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Sunday, December 13, 2009

An important reminder about Chanuka

A lot of people have no idea what Chanuka is really about. It's not a Jewish Christmas and it's not a universal holiday at all. Jonathan Tobin gives a reminder of what Chanuka's about.
Though the tension between the parochial aspects of the faith and its more universalist tendencies is as old as Judaism itself, Chanukah is not an empty metaphor into which other narratives or unrelated themes — whether praiseworthy or not — can be poured at will. Far from being a Jewish version of “goodwill toward men” or some trendy contemporary cause, the original story of Chanukah is about something very different: the refusal of a people to bow down to the idols of the popular culture of their day — their resolve to remain separate and faithful to their own traditions. Even more to the point, Chanukah is the story of a particularly bloody Jewish civil war whose outcome has stood ever since as a warning against the perils of discarding faith and freedom to fit it with more popular ideological movements. This is a lesson that applied to the Maccabees, who sought to resist the pull of Hellenism more than 2,000 years ago, as well as to those fighting back against the siren song of totalitarian ideas in the last century.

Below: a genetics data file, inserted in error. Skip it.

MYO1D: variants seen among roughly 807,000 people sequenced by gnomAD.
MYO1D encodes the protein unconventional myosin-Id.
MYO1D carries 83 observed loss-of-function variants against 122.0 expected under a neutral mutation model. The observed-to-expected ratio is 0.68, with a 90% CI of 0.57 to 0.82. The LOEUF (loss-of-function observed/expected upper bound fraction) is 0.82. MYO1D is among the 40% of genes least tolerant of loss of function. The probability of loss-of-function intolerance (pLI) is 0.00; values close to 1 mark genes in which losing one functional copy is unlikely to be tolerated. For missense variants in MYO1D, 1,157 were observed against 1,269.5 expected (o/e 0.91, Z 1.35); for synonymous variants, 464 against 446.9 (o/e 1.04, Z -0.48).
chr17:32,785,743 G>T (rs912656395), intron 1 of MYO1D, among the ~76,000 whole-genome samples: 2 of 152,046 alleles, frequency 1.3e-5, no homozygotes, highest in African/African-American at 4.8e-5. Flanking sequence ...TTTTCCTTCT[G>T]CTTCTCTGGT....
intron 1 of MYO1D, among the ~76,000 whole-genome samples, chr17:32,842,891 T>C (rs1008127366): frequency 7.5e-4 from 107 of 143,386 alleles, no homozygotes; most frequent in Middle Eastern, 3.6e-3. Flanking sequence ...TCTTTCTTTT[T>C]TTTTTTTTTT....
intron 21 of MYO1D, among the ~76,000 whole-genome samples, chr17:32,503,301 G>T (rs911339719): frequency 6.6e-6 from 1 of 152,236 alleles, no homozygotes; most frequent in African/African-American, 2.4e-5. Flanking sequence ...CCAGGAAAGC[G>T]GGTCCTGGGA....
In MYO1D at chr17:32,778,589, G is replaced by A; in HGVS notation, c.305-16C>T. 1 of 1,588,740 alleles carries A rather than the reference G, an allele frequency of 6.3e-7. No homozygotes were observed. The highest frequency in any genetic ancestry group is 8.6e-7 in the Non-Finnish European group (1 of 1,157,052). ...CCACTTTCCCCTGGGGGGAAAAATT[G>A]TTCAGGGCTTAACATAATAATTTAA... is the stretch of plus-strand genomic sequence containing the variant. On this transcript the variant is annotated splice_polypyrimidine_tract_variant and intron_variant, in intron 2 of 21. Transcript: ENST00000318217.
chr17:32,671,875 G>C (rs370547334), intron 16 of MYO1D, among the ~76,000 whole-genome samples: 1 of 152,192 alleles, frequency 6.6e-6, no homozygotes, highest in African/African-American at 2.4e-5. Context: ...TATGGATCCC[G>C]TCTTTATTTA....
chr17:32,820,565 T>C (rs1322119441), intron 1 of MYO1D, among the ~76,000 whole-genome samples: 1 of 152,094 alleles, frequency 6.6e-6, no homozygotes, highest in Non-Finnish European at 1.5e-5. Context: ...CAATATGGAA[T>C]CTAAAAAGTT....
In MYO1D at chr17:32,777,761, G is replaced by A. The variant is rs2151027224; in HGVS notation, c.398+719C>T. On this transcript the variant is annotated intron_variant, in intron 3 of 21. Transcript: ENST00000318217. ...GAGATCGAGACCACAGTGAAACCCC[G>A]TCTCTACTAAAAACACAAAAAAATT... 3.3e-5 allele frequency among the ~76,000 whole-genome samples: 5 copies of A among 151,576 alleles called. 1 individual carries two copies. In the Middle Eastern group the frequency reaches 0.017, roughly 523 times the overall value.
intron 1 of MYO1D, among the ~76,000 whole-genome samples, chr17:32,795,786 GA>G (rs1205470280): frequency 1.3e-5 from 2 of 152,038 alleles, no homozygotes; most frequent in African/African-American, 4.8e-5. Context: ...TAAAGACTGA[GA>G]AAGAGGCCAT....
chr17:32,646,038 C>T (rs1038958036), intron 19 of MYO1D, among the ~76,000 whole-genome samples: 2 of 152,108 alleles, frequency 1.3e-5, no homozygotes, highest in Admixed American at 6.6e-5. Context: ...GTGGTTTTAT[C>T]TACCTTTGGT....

Indeed. Chanuka is a time when we are meant to increase Torah study, especially the study of the oral law. So let's get to it!


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